"Showing Discoveries of Greater in Importance and Number Than . . . Any Other Single Navigator in Northern Waters" (Hill)
Scarce map of the Polar regions of the Arctic, published in 1820 in Edinburgh.
The map was used to illustrated volume 1 of William Scoresby's An account of the Arctic regions with a history and description of the northern whale-fishery . . . , published in Edinburgh in 1820.
William Scoresby drew this chart after John Ross returned from his 1818 voyage in search of a North-West passage. Ross reported that his route through Lancaster Sound was blocked by a range of mountains that he saw ahead but Scoresby's chart does not close off the sound entirely.
The first volume of this work relates to the progress of discovery in the Arctic regions, and the natural history of Spitzbergen and the Greenland sea; the second is devoted to the whale-fishery as conducted in the seas of Greenland and Davis's Strait. "Geographically [Scoresby's] discoveries were greater in importance and number than those of any other single navigator in northern waters" - Hill.
The Lizars were a Scottish family of engravers and printers who produced many views and maps. Daniel Lizars Sr. (1754-1812) was the son of a shoemaker, but he apprenticed with Andrew Bell, a printer and engraver. Lizars set up his own printworks near St. Giles Cathedral and took on his own apprentices, including George Bartholomew, whose son John would go on to found the important mapmaking firm later know as John Bartholomew & Son Ltd.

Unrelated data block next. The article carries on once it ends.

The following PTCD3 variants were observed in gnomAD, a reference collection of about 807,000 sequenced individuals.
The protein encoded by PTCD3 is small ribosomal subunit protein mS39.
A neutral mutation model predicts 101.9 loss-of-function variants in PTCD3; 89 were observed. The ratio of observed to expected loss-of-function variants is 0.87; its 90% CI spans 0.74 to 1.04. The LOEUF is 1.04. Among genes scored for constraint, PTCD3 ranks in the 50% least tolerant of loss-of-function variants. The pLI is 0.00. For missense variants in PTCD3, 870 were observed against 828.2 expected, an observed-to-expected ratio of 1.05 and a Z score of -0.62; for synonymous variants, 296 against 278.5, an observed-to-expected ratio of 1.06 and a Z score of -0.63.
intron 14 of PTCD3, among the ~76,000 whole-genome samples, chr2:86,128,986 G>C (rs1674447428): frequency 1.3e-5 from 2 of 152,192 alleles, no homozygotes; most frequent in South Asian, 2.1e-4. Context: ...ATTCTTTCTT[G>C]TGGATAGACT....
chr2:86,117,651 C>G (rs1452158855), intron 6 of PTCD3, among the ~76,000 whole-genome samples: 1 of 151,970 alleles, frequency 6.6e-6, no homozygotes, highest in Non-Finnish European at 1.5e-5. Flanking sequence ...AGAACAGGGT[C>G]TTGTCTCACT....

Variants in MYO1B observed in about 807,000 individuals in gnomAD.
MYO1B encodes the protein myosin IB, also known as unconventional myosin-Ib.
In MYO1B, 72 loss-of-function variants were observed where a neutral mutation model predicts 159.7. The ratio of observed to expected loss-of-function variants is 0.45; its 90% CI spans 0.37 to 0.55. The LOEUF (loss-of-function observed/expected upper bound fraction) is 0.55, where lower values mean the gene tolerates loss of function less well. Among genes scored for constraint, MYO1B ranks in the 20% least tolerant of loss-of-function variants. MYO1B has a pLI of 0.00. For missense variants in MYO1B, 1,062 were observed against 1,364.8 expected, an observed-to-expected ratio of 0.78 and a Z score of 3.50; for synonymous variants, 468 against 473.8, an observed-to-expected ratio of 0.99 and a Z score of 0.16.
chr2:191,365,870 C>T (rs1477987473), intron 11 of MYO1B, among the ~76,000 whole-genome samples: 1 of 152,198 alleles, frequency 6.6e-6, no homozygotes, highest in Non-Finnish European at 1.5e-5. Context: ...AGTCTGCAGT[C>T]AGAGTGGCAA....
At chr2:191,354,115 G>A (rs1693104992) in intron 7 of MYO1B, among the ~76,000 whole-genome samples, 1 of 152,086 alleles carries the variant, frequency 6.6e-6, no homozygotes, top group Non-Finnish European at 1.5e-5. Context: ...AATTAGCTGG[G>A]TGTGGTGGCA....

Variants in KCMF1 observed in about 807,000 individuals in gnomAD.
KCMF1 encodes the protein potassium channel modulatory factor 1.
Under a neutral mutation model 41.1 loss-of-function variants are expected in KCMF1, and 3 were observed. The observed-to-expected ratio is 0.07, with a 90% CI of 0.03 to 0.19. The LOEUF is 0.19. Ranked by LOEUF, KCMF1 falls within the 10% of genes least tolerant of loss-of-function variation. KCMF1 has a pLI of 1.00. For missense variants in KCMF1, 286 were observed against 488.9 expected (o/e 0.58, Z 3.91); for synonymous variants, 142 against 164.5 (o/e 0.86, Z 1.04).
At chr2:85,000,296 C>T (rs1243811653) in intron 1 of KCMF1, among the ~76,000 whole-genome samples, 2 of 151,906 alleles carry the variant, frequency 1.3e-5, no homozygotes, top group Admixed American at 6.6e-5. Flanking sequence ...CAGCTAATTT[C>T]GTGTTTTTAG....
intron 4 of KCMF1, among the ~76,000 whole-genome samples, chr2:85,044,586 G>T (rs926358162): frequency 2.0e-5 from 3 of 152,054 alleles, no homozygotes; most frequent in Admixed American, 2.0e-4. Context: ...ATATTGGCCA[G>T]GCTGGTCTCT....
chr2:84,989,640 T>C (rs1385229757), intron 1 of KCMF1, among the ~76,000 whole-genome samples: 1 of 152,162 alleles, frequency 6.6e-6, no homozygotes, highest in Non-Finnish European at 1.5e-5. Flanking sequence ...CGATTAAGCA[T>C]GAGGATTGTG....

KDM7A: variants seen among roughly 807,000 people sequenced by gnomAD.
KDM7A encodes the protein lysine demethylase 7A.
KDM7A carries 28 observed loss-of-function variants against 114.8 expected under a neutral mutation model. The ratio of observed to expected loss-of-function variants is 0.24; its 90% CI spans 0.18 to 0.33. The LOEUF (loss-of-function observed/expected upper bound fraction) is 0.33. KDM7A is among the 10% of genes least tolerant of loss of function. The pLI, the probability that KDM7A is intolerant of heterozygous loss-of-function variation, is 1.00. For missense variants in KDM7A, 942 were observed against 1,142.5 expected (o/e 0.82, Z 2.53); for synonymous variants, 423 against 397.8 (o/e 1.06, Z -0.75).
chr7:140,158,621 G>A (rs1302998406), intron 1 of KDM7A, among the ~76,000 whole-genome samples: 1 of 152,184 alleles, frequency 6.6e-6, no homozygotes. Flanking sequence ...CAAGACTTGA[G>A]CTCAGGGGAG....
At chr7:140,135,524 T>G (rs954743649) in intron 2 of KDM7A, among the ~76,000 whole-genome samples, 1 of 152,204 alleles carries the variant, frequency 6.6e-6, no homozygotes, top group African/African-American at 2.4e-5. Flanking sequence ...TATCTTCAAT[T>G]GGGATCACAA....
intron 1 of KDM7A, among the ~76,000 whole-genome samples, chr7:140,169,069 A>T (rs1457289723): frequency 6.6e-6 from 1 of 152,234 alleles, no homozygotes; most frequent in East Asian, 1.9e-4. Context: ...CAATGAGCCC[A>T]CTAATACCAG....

Daniel Sr. had three sons: Daniel Jr., John, and William Home. He also had a daughter, Jane Home. Daniel Jr. (1793-1875), the youngest of the boys, apprenticed in his father’s shop alongside George Bartholomew. When his father died in 1812, Daniel Jr. took over much of the business, expanding it and specializing in maps. The company went bankrupt in 1832, however, and Daniel emigrated to Canada.
John Lizars (1792-1860), the middle son, studied medicine and became Professor of Surgery at the Royal College of Surgeons of Edinburgh, as well as senior surgeon at the Royal Infirmary of Edinburgh.
William Home Lizars (1788-1859), the eldest, also apprenticed in his father’s shop. After learning engraving, William entered the Trustees’ Academy to learn under John Graham. He was a skilled painter and artist. When his father died, and after his Daniel Jr. left, he carried on printing and invented a method of etching that looks like wood engraving.